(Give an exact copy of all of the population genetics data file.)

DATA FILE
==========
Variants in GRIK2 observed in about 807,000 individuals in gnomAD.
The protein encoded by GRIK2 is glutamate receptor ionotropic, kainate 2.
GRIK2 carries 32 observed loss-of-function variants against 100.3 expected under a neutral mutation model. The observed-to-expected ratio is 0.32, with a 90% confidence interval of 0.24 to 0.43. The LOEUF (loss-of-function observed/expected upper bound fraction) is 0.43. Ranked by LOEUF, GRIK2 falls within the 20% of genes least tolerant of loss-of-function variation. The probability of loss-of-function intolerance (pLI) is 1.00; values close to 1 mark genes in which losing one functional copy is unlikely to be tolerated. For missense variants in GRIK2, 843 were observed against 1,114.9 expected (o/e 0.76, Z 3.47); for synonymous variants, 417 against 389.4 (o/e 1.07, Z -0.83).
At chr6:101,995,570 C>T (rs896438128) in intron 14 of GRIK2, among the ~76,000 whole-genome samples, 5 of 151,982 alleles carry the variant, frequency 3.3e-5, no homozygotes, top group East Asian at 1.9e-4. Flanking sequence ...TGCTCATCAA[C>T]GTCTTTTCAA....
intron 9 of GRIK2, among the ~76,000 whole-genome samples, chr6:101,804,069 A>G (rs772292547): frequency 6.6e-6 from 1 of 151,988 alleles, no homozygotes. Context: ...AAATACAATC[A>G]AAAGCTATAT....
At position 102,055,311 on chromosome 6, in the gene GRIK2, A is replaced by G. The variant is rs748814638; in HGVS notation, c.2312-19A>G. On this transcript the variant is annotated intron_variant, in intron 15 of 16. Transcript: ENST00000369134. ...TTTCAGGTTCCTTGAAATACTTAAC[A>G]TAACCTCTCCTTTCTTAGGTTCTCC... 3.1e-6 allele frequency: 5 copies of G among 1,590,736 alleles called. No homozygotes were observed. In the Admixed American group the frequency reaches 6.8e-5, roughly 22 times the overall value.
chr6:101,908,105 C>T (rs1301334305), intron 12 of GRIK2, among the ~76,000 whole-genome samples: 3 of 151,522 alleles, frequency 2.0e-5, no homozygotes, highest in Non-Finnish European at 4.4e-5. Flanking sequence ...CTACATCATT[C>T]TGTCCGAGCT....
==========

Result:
Variants in GRIK2 observed in about 807,000 individuals in gnomAD.
The protein encoded by GRIK2 is glutamate receptor ionotropic, kainate 2.
GRIK2 carries 32 observed loss-of-function variants against 100.3 expected under a neutral mutation model. The observed-to-expected ratio is 0.32, with a 90% confidence interval of 0.24 to 0.43. The LOEUF (loss-of-function observed/expected upper bound fraction) is 0.43. Ranked by LOEUF, GRIK2 falls within the 20% of genes least tolerant of loss-of-function variation. The probability of loss-of-function intolerance (pLI) is 1.00; values close to 1 mark genes in which losing one functional copy is unlikely to be tolerated. For missense variants in GRIK2, 843 were observed against 1,114.9 expected (o/e 0.76, Z 3.47); for synonymous variants, 417 against 389.4 (o/e 1.07, Z -0.83).
At chr6:101,995,570 C>T (rs896438128) in intron 14 of GRIK2, among the ~76,000 whole-genome samples, 5 of 151,982 alleles carry the variant, frequency 3.3e-5, no homozygotes, top group East Asian at 1.9e-4. Flanking sequence ...TGCTCATCAA[C>T]GTCTTTTCAA....
intron 9 of GRIK2, among the ~76,000 whole-genome samples, chr6:101,804,069 A>G (rs772292547): frequency 6.6e-6 from 1 of 151,988 alleles, no homozygotes. Context: ...AAATACAATC[A>G]AAAGCTATAT....
At position 102,055,311 on chromosome 6, in the gene GRIK2, A is replaced by G. The variant is rs748814638; in HGVS notation, c.2312-19A>G. On this transcript the variant is annotated intron_variant, in intron 15 of 16. Transcript: ENST00000369134. ...TTTCAGGTTCCTTGAAATACTTAAC[A>G]TAACCTCTCCTTTCTTAGGTTCTCC... 3.1e-6 allele frequency: 5 copies of G among 1,590,736 alleles called. No homozygotes were observed. In the Admixed American group the frequency reaches 6.8e-5, roughly 22 times the overall value.
chr6:101,908,105 C>T (rs1301334305), intron 12 of GRIK2, among the ~76,000 whole-genome samples: 3 of 151,522 alleles, frequency 2.0e-5, no homozygotes, highest in Non-Finnish European at 4.4e-5. Flanking sequence ...CTACATCATT[C>T]TGTCCGAGCT....